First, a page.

SAINT PETERSBURG: SAINT PETERSBURG: Fourteen people have died as a result of a blast that ripped through a train carriage on the Saint Petersburg metro, Russia’s health minister said Tuesday.
“We can state today that 14 people have died,” Veronika Skvortsova told journalists, adding that 49 people are still hospitalised after the explosion on Monday afternoon. Anti-terror authorities had earlier reported a death toll of 11.
Authorities shut down the metro system in Russia’s second city for several hours as security services said they had also defused a bomb at a second metro station.
Russia’s Investigative Committee said it was probing an “act of terror” but added it would look into all other possible causes of the blast.
Pictures screened on national television showed the door of a train carriage blown out, as bloodied bodies lay strewn on a station platform.
Above ground, emergency services vehicles rushed to the scene at the Technological Institute metro station, a key transport hub in the city centre.
Health minister Veronika Skvortsova said the blast had killed seven people on the spot, with three more succumbing to their injuries later.
Thirty-nine people were hospitalised, including a 15-year-old girl, Skvortsova said.
“I will be afraid to take the metro now,” said Maria Ilyina, 30, standing near the station, where people improvised a memorial by bringing flowers to the scene.
“Before we thought that this would not come to Saint Petersburg, now our city is under threat,” she said.
Pensioner Vyacheslav Veselov told Agence France-Presse he had seen four bodies at the station.
“A station attendant in tears called on the men to help carry the bodies,” he said.
Second device ‘neutralized’
The blast occurred in a train carriage as it was travelling between the Technological Institute and Vosstaniya Square stations at 2:40 p.m. local time (1140 GMT), said the spokesman of Russia’s anti-terrorist committee (NAK) Andrei Przhezdomsky.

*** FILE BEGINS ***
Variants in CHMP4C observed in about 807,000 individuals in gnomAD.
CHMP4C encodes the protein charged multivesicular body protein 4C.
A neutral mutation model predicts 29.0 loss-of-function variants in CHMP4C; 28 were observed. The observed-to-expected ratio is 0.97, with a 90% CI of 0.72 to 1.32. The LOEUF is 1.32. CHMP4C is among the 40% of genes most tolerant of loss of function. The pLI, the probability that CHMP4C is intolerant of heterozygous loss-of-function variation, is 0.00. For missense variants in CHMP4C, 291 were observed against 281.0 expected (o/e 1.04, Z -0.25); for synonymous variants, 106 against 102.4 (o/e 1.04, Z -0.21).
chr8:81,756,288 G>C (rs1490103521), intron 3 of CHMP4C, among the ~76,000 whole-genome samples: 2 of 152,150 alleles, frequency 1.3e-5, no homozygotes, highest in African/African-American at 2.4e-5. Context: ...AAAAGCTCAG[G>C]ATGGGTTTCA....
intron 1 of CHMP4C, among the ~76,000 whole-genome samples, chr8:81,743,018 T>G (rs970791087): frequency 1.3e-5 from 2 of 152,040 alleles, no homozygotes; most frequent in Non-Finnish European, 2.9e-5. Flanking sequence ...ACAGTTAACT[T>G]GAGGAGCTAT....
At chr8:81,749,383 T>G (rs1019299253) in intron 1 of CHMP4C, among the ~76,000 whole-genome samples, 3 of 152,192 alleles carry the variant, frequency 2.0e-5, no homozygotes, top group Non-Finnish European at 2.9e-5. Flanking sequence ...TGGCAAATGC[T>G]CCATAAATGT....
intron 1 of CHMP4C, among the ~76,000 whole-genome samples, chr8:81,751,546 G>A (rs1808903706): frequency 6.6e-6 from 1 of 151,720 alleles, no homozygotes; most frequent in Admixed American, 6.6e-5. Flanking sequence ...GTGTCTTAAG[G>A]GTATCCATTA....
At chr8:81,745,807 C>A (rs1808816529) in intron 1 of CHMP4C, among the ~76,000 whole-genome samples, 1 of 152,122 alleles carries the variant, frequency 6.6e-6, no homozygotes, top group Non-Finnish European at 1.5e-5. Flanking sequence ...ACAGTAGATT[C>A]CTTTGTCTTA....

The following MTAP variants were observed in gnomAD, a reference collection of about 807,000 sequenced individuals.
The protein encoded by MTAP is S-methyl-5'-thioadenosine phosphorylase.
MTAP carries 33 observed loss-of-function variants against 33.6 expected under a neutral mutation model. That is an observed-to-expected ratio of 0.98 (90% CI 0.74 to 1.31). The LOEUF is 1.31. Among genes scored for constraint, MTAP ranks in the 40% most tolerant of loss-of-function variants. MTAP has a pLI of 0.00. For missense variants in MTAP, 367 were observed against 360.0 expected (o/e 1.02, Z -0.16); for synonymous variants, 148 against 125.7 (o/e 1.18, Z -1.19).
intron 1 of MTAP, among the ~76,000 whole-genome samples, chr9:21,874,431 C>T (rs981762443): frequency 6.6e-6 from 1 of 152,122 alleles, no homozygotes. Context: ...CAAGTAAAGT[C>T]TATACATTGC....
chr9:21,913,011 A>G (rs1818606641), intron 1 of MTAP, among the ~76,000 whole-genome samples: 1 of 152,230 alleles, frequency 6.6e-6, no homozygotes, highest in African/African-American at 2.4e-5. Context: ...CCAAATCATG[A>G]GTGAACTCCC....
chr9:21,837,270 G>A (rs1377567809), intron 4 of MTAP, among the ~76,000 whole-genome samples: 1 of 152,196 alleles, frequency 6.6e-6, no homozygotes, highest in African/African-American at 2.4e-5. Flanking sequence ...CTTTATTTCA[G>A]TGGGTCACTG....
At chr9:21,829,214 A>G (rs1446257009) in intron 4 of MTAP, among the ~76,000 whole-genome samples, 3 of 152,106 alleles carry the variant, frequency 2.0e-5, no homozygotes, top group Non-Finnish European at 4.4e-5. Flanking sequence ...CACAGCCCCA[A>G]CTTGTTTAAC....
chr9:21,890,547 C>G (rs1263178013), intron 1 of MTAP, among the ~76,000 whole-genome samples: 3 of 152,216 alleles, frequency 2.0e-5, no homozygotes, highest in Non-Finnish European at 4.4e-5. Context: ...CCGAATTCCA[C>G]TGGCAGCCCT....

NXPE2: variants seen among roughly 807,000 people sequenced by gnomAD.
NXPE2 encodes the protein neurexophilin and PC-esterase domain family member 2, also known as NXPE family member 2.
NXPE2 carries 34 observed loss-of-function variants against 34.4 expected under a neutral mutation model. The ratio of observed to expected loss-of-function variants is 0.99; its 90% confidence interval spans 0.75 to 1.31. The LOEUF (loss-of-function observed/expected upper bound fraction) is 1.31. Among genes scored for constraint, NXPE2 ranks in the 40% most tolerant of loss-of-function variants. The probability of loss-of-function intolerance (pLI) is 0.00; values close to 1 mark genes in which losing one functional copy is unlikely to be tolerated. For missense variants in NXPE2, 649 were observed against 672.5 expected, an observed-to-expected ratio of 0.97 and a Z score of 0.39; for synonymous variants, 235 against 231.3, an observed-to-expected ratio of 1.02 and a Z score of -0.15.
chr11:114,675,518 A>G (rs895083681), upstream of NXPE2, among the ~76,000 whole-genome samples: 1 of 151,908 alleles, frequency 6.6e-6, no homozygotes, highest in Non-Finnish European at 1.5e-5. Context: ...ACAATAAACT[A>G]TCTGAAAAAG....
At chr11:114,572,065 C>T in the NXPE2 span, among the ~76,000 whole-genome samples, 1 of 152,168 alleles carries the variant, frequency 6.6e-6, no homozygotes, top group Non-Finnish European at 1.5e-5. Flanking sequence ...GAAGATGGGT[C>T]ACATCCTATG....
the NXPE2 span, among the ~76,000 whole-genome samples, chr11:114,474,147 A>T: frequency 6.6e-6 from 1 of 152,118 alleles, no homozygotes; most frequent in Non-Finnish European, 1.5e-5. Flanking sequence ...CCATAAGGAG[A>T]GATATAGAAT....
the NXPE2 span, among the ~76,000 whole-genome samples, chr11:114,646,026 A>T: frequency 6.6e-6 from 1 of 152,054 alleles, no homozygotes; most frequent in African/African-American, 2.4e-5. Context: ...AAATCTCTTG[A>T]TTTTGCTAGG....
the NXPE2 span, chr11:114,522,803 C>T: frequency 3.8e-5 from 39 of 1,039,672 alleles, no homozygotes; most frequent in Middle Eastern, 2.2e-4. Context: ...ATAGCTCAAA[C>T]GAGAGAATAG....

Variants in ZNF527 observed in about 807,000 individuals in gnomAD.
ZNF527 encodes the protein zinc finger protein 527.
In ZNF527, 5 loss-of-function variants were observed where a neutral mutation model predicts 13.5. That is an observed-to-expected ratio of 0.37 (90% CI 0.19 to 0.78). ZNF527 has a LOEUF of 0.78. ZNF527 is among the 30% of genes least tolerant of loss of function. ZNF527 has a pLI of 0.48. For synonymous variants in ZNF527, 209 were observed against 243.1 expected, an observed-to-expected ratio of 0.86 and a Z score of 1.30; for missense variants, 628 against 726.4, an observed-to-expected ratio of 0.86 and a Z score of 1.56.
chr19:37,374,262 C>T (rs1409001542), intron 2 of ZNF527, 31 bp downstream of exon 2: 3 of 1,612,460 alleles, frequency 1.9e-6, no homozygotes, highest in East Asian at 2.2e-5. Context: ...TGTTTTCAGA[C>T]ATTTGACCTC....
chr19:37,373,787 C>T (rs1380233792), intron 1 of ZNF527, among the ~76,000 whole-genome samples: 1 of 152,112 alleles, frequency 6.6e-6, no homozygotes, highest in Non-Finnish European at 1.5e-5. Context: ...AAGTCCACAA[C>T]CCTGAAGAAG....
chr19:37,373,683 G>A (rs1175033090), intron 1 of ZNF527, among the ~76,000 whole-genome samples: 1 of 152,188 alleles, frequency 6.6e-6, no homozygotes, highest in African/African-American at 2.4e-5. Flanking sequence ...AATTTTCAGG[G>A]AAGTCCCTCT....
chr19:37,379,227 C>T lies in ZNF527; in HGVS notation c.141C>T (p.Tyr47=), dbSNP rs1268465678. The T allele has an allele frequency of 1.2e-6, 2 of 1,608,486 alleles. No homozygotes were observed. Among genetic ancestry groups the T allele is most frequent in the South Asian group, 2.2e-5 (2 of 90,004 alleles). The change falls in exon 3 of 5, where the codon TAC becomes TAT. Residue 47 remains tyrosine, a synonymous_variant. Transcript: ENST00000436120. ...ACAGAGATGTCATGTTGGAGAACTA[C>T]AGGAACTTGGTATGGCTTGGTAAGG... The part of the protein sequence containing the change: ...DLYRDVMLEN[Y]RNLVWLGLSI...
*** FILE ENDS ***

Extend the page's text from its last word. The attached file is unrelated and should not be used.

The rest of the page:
The NAK committee later confirmed security services had found another explosive device at the Vosstaniya Square metro station. This device did not explode and was immediately “neutralized.”
The metro network in Saint Petersburg announced it was shutting down entirely after evacuating all passengers.
It later said some lines had been reopened but there remained “only limited service on the two lines in the blast area.”
The Moscow metro also tweeted that it was “taking additional security measures” as required by law in such situations.
NAK said in a statement carried by Russian news agencies that security was being stepped up at transportation hubs and crowded spots across the country.
Saint Petersburg announced three days of mourning in the city while President Vladimir Putin, who was holding a meeting nearby in his official Strelna presidential palace, offered “condolences” to those hurt in the blast and to the loved ones of those killed.
In Washington US President Donald Trump described the blast as a “terrible thing.”
“Happening all over the world, absolutely a terrible thing,” Trump said during an event at the White House.
European Union foreign policy chief Federica Mogherini wrote on Twitter she was following developments “together with all EU foreign ministers” gathered for a meeting in Luxembourg.
“Our thoughts are with all the people of Russia,” she wrote.